• Control orders can be used to impose obligations, prohibitions, or restrictions on persons in order to protect the public from terrorist acts. (Criminal Code Act 1995 (Cth) div 104, ; see also Lisa White, Australia: Terrorism Laws: Control Orders, Law Library of Congress website (Oct. 2008).)

Re-Enactment of Provisions on Foreign Incursion and Recruitment

The provisions in the Crimes (Foreign Incursions and Recruitment) Act 1978 (Cth) would be re-enacted, with some amendments, as a new Part 5.5 of the Criminal Code Act 1995. The penalties for foreign incursion offenses would be aligned with those for terrorism offenses contained in Part 5.3 of the Criminal Code, and wording related to some offenses would also be aligned to ensure consistency. (Explanatory Memorandum, supra, at 6–7 & 43–46; Crimes (Foreign Incursions and Recruitment) Act 1978 (Cth).)

New Criminal Code Offenses

The Criminal Code Act 1995 would also be amended to include two new offenses: "advocating for terrorism" and entering a "declared area" in a foreign country. "Advocating for terrorism" would include intentionally counseling, promoting, encouraging, or urging the commission of a terrorist act and being reckless as to whether another person will engage in a terrorist act. (Explanatory Memorandum, supra, at 28.) The other new offense, entering or remaining in a "declared area," allows the Minister of Foreign Affairs to designate a declared area in a foreign country for the purposes of the offense if he or she is satisfied that a terrorist organization listed under the Criminal Code Act is engaging in hostile activity in that area. A defense is available where an individual provides evidence that he or she had a listed legitimate purpose or purposes for entering or remaining in a declared area. (Id. at 46.)

New Power to Suspend Travel Documents

  • A new power would be added to the Australian Passports Act 2005 (Cth) to allow suspension of a person's Australian travel documents for 14 days if requested by ASIO. (Id. at 4 & 79.) ASIO currently has the ability to request that a person's Australian passport be cancelled if it suspects on reasonable grounds that the person "is likely" to engage in conduct that might prejudice the security of Australia or a foreign country. The new provisions will allow a passport suspension request to be made where ASIO suspects that a person "may" leave Australia to engage in such conduct. (Id. at 11.)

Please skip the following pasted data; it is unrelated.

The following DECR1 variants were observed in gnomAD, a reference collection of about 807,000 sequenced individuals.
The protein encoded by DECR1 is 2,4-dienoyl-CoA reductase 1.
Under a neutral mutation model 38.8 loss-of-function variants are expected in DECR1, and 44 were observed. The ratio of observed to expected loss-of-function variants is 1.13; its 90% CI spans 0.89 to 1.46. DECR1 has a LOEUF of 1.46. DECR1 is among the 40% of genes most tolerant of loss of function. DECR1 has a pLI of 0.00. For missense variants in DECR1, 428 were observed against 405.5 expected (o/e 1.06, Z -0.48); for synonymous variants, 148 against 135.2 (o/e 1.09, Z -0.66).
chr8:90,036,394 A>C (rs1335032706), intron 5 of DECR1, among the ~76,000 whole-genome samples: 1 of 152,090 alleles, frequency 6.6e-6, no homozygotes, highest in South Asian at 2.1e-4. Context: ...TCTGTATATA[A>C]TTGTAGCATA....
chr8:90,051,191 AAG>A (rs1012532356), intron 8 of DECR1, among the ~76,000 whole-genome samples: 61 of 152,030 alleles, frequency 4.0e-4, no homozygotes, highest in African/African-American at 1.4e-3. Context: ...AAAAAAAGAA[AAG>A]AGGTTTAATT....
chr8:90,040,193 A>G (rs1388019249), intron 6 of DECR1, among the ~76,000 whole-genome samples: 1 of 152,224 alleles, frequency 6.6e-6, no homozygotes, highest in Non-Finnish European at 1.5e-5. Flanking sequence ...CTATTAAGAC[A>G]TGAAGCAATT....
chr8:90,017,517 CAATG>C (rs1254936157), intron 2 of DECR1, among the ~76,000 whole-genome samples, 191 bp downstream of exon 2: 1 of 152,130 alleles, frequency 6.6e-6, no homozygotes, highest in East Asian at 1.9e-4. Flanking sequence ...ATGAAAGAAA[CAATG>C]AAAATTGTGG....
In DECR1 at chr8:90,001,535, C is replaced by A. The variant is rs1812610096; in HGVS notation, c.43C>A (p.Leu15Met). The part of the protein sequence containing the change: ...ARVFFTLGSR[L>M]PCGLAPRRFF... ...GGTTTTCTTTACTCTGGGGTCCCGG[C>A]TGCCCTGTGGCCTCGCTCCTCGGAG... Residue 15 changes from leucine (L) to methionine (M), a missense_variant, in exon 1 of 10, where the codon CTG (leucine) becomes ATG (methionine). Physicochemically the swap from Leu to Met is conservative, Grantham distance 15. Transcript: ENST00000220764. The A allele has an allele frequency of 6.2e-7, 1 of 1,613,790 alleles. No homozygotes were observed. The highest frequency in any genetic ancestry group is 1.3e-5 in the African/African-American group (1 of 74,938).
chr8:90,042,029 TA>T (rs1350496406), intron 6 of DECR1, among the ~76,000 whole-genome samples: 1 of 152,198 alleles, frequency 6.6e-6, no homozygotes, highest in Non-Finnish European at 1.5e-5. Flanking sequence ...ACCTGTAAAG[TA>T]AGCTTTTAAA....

• New provisions would also allow for a person to not be notified of a decision to refuse or cancel his or her passport if that is needed to protect national security or ensure that an investigation of a terrorism offense is not adversely affected. (Id. at 4 & 12.)
New Emergency Visa Cancellation Power & Enhanced Access to Personal Identifiers

  • The Migration Act 1958 (Cth) would also be amended to include a new emergency visa cancellation power "where a non-citizen outside of Australia might be a direct or indirect threat to national security." (Id. at 8 & 60.)
  • Various other amendments would enable personal identifiers to be obtained from all persons, including Australian citizens who enter or depart Australia, and to expand the purposes for which personal identifiers may be accessed and disclosed to ensure that these "can be used to assist in identifying and authenticating the identity of a person who may be of national security concern." (Id. at 8 & 65–71.)

Human Rights Implications

The Explanatory Memorandum that accompanies the bill assesses the amendments in the light of rights protected under the International Covenant on Civil and Political Rights and other international treaties, including the rights to protection against arbitrary and unlawful interferences with privacy, freedom from arbitrary detention and arrest, freedom of expression, freedom of association, and freedom of movement. (Id. at 10–75.) It concludes that

[t]he Bill engages a range of human rights and is compatible with human rights because it promotes some rights and to the extent that it may limit particular rights, those limitations are reasonable, necessary and proportionate in achieving a legitimate objective. (Id. at 75.)

Next Step

Following its introduction in the Senate, the bill was referred to the Parliamentary Joint Committee on Intelligence and Security. The Committee's report on the bill is due by October 17, 2014. (Counter-Terrorism Legislation Amendment (Foreign Fighters) Bill 2014, Parliamentary Joint Committee on Intelligence and Security website.)

Author: Kelly Buchanan More by this author
Topic: Civil rights and liberties More on this topic
 Crime and law enforcement More on this topic
 Terrorism More on this topic
Jurisdiction: Australia More about this jurisdiction